Fortunately for Bosh, by the time he moved to Lincoln High School in Dallas, he was a 6-7 freshman. A lack of a particular accent or any specific slang wasn't going to hurt his image as long as he continued to develop his basketball game.
Though Bosh dabbled in other sports, it was basketball that came most naturally to him. The sport was never forced upon Bosh, whose parents were both around 6-2 but his dad played basketball only recreationally and his mother preferred track in her youth.
"The craziest thing my father ever told me was, 'Hey man, you got to have a scholarship, because I can't afford college,"' Bosh said. "That's some pep talk. I was 14 and I was like, 'Huh?"'
There weren't many pep talks needed -- not for Bosh, whose desire to win was so strong he shed tears after every single loss he experienced in middle school.
"My whole lifetime in basketball, my winning percentage is probably 30 percent, counting little league. I always just remember being on the losing end," Bosh said.
"Even then I was like, 'Well this isn't fun. I don't care if we're going for pizza after the game. I want to win the game.' I just love to win. I knew that back then, and it's gotten tougher for me as a grown man."
By the start of his senior year at Lincoln, a basketball powerhouse in Texas, Bosh had grown to be 6-9. Not until his final year was he considered the star of his team. That honor went to guard Brian Hopkins, a local legend who went on to shine at Southern Methodist University and now plays professionally in Belgium.
But behind Bosh that senior season, Lincoln went 40-0, taking home the state title.
"We played against (current NBA players) Deron Williams, Ike Diogu, Kendrick Perkins," Lincoln head coach Leonard Bishop said. "We played a lot of pros during that time. And all our games were really tough games.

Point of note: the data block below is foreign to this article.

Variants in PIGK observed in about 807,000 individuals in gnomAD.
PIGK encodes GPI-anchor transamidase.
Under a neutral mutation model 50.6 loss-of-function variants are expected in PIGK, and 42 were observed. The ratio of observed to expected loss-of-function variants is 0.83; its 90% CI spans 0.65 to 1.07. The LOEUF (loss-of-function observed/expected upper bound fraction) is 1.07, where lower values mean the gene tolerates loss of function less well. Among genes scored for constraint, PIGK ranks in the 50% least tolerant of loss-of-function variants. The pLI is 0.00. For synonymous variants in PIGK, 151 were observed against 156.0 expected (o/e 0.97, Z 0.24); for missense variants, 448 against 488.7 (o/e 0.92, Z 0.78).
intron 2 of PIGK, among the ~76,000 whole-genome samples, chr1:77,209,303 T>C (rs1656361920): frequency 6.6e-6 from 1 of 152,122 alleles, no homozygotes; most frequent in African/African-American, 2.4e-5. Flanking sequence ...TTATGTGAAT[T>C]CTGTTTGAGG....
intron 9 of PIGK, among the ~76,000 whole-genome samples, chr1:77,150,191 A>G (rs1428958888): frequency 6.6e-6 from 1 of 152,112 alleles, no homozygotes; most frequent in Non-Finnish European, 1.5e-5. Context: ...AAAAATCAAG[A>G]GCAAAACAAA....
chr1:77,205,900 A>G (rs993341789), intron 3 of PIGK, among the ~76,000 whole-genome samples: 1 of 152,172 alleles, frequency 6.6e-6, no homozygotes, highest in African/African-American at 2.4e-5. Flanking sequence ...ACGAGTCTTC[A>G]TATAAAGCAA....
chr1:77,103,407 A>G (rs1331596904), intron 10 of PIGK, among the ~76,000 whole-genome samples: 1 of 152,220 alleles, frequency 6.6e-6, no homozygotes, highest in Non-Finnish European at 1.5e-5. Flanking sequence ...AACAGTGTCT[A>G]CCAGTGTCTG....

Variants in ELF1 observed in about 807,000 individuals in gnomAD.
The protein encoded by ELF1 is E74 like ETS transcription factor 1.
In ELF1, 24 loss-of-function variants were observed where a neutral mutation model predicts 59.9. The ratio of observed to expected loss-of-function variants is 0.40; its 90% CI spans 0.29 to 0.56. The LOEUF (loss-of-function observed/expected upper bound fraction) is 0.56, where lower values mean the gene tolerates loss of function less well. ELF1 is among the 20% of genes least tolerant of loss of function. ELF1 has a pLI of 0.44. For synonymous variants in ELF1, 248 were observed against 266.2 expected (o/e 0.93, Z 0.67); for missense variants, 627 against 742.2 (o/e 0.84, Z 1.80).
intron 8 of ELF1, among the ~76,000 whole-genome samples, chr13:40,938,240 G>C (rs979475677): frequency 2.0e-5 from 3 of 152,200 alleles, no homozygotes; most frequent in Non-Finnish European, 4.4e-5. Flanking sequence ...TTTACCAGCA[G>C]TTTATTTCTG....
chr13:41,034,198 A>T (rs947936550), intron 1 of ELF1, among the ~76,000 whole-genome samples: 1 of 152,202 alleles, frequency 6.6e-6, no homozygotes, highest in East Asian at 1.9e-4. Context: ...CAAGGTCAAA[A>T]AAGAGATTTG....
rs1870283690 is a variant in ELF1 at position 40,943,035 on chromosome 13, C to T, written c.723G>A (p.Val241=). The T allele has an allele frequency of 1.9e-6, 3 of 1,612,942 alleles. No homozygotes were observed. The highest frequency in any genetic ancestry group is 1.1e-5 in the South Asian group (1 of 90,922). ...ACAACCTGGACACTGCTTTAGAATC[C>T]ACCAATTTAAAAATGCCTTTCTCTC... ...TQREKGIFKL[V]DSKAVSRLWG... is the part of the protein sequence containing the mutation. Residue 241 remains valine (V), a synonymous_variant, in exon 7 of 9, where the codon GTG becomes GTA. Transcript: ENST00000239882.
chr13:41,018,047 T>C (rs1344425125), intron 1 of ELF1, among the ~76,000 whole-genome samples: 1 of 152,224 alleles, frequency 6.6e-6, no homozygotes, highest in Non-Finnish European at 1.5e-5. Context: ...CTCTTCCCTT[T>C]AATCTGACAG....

"I think what Chris had was, really, the desire to be successful and the work ethic as well as the intellect. The only thing that he needed was the basketball drills."
Even with all the team and individual success, Bosh never figured he was on the verge of anything spectacular. His dad's pep talk helped him set the goal of playing for Division I basketball, but those around him saw far more potential.
Thomas Hill, the former Duke player who was part of two national championship teams, was a Lancaster, Texas, native who briefly tutored Bosh.
"He used to work me out," Bosh said. "I guess he saw something special in me. I told him, 'Yeah, I do want to go D-1.' He was like, 'Oh man, that's easy. Just keep working.'
"Guys like that, those are the guys that kind of put it in my head the right way. It was like, 'Really? I'm that good?"'
Good enough that he had his choice of major colleges, with Florida and Memphis among his finalists. But Bosh chose Georgia Tech, primarily because he could play immediately, and he all of a sudden had NBA aspirations.
Even then, however, he never expected it to happen so quickly. As a freshman, he averaged 15 points and nine rebounds. And while the rest of the basketball world assumed Bosh would have a one-year college career, the 19-year-old had no idea it would happen so suddenly. Neither did any member of his family.
"Somebody told me, 'Your brother, on the mock draft, he's No. 4,"' Joel Bosh said. "I was like, 'What's a mock draft?' I looked it up and I saw the other names, and I was like, 'Wow."'
Bosh went as predicted, the No. 4 pick in the 2003 NBA draft, sandwiched between No. 3 pick Carmelo Anthony and the fifth pick Wade.
The spot in the draft wasn't the problem for Bosh. It was the location of the team selecting him.